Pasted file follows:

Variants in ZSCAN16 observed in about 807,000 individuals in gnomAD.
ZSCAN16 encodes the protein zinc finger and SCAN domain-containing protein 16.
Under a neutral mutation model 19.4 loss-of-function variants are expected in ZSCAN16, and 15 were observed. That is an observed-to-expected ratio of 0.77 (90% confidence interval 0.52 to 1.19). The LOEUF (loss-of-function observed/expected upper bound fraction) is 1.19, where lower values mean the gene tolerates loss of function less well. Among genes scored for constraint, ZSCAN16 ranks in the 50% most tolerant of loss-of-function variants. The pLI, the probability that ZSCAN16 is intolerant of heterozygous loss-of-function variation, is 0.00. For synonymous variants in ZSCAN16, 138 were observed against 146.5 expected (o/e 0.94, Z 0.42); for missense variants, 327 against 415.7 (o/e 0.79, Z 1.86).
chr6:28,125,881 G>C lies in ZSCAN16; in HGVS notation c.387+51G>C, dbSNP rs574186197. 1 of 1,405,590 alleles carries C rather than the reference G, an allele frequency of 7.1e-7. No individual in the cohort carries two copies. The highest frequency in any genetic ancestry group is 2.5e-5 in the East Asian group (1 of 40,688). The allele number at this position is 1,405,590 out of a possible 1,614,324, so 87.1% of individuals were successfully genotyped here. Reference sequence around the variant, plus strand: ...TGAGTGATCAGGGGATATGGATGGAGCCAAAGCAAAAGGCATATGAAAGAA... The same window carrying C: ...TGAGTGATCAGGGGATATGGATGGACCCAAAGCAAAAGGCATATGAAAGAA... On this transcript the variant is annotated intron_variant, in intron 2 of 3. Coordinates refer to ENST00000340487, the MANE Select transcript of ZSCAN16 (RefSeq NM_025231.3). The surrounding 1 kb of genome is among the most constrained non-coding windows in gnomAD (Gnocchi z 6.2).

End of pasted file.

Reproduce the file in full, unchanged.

Variants in ZSCAN16 observed in about 807,000 individuals in gnomAD.
ZSCAN16 encodes the protein zinc finger and SCAN domain-containing protein 16.
Under a neutral mutation model 19.4 loss-of-function variants are expected in ZSCAN16, and 15 were observed. That is an observed-to-expected ratio of 0.77 (90% confidence interval 0.52 to 1.19). The LOEUF (loss-of-function observed/expected upper bound fraction) is 1.19, where lower values mean the gene tolerates loss of function less well. Among genes scored for constraint, ZSCAN16 ranks in the 50% most tolerant of loss-of-function variants. The pLI, the probability that ZSCAN16 is intolerant of heterozygous loss-of-function variation, is 0.00. For synonymous variants in ZSCAN16, 138 were observed against 146.5 expected (o/e 0.94, Z 0.42); for missense variants, 327 against 415.7 (o/e 0.79, Z 1.86).
chr6:28,125,881 G>C lies in ZSCAN16; in HGVS notation c.387+51G>C, dbSNP rs574186197. 1 of 1,405,590 alleles carries C rather than the reference G, an allele frequency of 7.1e-7. No individual in the cohort carries two copies. The highest frequency in any genetic ancestry group is 2.5e-5 in the East Asian group (1 of 40,688). The allele number at this position is 1,405,590 out of a possible 1,614,324, so 87.1% of individuals were successfully genotyped here. Reference sequence around the variant, plus strand: ...TGAGTGATCAGGGGATATGGATGGAGCCAAAGCAAAAGGCATATGAAAGAA... The same window carrying C: ...TGAGTGATCAGGGGATATGGATGGACCCAAAGCAAAAGGCATATGAAAGAA... On this transcript the variant is annotated intron_variant, in intron 2 of 3. Coordinates refer to ENST00000340487, the MANE Select transcript of ZSCAN16 (RefSeq NM_025231.3). The surrounding 1 kb of genome is among the most constrained non-coding windows in gnomAD (Gnocchi z 6.2).